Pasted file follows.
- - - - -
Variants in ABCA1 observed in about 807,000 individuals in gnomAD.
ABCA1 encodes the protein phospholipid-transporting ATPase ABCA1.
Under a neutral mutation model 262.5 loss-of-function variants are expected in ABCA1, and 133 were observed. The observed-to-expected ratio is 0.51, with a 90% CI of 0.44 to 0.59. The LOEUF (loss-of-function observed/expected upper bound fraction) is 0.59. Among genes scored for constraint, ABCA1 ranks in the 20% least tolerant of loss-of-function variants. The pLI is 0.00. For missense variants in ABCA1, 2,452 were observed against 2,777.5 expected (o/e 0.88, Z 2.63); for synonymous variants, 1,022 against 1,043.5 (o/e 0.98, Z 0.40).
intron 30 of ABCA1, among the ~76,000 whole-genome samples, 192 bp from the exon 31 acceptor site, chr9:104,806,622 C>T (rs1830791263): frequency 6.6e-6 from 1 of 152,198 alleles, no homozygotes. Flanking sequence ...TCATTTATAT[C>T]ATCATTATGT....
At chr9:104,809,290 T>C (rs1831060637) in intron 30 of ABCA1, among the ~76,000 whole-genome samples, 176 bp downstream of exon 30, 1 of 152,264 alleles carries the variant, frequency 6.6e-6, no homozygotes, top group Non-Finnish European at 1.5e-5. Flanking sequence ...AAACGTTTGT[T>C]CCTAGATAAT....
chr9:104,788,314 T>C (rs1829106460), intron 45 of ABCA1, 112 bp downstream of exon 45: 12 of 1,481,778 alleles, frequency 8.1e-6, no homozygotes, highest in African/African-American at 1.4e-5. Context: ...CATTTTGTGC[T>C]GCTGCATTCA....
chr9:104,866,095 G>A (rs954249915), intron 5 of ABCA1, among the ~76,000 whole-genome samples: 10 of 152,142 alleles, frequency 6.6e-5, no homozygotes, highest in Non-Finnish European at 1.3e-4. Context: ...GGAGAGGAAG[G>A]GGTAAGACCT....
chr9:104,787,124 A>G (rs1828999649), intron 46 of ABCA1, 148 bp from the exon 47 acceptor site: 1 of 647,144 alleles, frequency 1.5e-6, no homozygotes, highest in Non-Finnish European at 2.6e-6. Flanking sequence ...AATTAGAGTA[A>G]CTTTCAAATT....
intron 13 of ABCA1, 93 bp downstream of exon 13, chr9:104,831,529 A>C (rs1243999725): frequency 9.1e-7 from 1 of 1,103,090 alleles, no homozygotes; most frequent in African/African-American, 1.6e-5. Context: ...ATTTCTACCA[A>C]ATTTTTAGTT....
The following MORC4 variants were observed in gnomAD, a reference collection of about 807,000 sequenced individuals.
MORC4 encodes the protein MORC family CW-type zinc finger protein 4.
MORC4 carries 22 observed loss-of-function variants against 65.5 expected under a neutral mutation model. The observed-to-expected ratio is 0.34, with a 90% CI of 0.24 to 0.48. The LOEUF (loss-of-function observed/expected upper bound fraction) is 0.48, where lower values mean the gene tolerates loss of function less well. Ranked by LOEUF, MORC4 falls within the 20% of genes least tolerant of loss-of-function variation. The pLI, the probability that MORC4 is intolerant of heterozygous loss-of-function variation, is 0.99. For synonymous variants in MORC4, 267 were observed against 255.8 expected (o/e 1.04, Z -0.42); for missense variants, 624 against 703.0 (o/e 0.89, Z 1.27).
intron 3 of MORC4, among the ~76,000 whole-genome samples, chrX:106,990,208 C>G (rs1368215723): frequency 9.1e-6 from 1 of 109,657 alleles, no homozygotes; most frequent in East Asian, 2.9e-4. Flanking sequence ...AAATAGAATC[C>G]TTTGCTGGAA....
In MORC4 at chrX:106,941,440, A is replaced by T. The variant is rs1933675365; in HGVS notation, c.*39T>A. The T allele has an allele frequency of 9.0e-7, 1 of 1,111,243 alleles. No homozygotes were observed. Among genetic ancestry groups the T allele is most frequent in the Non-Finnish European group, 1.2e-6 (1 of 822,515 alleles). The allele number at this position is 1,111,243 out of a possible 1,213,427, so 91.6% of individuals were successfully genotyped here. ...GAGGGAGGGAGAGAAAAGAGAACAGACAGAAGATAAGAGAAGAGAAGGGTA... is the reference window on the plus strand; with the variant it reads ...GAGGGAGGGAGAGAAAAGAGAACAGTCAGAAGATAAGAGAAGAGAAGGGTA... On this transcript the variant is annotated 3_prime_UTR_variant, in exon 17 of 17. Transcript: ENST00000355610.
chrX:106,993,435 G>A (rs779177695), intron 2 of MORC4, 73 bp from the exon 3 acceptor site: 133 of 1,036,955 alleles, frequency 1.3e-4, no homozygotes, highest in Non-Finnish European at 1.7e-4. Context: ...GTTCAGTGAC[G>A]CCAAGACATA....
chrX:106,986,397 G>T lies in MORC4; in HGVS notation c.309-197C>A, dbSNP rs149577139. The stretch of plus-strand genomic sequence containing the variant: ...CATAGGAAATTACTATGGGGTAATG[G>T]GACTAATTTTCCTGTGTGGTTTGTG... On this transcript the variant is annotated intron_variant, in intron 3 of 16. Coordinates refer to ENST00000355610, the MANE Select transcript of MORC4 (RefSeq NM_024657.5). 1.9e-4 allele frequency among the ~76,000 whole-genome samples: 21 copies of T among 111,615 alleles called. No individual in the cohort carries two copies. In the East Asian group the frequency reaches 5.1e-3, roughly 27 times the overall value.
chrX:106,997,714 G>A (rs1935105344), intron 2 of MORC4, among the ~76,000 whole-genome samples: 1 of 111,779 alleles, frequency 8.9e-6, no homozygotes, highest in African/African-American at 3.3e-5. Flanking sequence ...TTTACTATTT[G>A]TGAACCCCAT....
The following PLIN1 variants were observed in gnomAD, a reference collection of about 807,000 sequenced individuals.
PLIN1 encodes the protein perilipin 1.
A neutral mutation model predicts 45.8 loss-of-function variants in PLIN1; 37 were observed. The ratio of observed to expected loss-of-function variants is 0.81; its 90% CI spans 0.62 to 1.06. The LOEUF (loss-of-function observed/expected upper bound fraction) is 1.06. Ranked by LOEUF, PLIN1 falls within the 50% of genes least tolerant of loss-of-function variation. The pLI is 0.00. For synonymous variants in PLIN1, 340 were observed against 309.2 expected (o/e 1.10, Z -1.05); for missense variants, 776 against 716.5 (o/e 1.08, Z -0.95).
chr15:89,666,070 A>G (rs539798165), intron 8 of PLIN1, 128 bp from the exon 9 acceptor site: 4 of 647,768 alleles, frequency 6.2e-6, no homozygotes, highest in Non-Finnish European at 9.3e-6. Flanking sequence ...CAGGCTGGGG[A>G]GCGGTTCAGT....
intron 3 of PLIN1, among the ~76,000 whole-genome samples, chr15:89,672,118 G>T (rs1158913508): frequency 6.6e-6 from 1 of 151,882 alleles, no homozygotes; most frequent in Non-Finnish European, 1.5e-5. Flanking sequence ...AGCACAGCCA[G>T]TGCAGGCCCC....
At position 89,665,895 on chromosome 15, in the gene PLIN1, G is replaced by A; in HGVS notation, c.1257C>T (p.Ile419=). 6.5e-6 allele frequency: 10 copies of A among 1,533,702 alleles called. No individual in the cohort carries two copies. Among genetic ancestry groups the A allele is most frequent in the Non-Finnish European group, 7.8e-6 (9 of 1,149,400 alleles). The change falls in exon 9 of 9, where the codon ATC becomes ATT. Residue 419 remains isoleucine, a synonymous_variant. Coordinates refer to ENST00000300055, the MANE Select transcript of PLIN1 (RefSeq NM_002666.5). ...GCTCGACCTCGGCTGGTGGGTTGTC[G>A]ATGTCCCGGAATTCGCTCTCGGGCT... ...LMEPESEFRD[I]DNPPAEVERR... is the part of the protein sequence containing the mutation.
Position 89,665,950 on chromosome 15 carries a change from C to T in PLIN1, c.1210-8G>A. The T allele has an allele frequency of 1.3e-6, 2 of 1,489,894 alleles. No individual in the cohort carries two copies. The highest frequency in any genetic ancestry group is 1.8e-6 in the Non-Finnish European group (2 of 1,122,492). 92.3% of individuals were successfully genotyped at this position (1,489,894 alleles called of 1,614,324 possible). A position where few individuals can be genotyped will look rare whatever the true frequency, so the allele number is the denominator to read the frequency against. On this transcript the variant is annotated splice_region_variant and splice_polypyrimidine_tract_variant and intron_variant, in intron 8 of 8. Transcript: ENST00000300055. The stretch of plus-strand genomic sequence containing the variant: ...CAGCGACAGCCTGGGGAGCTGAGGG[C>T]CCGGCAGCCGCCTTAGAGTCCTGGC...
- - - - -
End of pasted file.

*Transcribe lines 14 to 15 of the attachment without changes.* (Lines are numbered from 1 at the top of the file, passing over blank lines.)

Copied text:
In MORC4 at chrX:106,941,440, A is replaced by T. The variant is rs1933675365; in HGVS notation, c.*39T>A. The T allele has an allele frequency of 9.0e-7, 1 of 1,111,243 alleles. No homozygotes were observed. Among genetic ancestry groups the T allele is most frequent in the Non-Finnish European group, 1.2e-6 (1 of 822,515 alleles). The allele number at this position is 1,111,243 out of a possible 1,213,427, so 91.6% of individuals were successfully genotyped here. ...GAGGGAGGGAGAGAAAAGAGAACAGACAGAAGATAAGAGAAGAGAAGGGTA... is the reference window on the plus strand; with the variant it reads ...GAGGGAGGGAGAGAAAAGAGAACAGTCAGAAGATAAGAGAAGAGAAGGGTA... On this transcript the variant is annotated 3_prime_UTR_variant, in exon 17 of 17. Transcript: ENST00000355610.
chrX:106,993,435 G>A (rs779177695), intron 2 of MORC4, 73 bp from the exon 3 acceptor site: 133 of 1,036,955 alleles, frequency 1.3e-4, no homozygotes, highest in Non-Finnish European at 1.7e-4. Context: ...GTTCAGTGAC[G>A]CCAAGACATA....